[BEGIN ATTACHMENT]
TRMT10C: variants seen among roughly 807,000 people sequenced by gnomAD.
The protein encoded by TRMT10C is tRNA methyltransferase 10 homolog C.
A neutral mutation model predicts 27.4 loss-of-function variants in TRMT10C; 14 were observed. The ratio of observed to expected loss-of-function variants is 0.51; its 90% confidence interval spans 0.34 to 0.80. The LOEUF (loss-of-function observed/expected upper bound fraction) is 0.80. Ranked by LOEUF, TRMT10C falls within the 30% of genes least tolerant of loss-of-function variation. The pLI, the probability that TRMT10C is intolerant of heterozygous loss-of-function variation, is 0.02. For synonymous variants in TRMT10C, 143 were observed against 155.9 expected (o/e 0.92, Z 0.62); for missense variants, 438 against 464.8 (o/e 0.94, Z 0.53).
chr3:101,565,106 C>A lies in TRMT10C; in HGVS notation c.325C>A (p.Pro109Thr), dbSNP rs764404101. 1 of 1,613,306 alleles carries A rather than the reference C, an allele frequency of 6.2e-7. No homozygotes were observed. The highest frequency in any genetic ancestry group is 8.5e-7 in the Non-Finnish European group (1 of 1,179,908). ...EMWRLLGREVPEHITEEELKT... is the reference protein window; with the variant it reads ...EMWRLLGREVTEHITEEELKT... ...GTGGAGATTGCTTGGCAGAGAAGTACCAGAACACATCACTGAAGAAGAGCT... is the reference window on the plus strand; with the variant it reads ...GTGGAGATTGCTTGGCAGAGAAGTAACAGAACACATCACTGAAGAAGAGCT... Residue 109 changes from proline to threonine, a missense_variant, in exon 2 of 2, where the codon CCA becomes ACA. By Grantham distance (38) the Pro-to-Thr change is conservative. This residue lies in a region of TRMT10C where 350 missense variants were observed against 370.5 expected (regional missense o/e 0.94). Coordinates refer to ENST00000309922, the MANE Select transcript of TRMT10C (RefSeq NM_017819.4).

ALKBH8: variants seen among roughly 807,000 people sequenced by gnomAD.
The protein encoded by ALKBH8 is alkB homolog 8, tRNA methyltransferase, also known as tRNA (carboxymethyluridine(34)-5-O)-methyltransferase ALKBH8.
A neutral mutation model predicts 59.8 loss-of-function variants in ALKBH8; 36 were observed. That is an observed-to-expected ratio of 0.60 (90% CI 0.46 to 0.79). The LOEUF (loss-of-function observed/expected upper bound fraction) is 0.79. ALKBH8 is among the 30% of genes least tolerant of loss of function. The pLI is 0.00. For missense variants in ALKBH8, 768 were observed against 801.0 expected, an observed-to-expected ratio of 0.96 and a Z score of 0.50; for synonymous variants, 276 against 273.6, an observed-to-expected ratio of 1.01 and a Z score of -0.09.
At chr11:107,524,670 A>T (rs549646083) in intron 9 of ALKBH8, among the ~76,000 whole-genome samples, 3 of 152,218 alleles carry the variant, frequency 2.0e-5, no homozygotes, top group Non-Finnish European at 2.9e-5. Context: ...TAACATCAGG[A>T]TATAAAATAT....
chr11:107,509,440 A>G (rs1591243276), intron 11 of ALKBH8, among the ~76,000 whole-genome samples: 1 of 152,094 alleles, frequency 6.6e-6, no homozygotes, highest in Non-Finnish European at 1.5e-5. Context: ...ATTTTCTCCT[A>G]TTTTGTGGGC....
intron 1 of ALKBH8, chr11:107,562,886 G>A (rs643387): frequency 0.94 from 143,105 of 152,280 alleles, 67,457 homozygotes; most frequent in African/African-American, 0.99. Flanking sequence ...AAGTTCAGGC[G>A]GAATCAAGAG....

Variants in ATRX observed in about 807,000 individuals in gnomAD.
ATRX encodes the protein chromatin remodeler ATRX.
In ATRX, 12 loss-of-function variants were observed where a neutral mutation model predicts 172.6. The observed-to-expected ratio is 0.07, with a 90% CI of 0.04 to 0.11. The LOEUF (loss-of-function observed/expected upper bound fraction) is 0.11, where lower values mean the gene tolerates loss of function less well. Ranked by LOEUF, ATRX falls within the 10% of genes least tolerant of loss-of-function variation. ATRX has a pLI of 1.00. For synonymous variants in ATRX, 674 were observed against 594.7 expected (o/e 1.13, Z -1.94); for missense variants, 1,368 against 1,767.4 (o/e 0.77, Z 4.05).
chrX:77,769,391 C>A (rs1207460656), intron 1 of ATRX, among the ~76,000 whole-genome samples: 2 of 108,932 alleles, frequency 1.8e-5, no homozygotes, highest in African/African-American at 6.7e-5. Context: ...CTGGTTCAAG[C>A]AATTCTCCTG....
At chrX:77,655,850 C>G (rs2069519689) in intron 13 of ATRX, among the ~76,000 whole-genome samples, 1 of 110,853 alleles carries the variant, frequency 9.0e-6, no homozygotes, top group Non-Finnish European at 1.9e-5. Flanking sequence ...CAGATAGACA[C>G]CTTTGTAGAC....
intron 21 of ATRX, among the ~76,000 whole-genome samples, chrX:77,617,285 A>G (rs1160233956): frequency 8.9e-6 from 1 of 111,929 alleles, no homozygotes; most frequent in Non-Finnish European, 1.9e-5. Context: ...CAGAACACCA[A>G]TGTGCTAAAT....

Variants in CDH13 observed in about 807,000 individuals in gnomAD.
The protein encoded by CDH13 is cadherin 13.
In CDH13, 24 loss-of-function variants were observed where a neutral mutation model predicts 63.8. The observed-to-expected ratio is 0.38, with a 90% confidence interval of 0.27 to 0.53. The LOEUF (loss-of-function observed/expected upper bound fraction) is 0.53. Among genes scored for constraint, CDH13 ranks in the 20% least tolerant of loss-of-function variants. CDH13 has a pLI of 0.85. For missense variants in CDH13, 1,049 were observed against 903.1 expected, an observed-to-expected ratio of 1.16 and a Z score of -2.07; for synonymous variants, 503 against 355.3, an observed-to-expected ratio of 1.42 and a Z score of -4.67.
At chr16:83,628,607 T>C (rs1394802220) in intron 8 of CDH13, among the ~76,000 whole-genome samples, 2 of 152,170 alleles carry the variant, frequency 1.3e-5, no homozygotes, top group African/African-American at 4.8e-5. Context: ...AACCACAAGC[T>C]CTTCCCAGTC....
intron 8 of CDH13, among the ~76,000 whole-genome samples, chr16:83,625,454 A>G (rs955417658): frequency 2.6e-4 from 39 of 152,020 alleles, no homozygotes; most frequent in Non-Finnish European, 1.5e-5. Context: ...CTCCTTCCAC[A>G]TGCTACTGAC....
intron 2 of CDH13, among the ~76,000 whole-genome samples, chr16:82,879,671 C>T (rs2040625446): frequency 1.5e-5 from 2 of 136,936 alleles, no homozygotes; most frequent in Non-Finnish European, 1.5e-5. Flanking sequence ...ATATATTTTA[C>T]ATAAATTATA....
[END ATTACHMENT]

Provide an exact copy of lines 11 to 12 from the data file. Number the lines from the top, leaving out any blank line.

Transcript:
Variants in ATRX observed in about 807,000 individuals in gnomAD.
ATRX encodes the protein chromatin remodeler ATRX.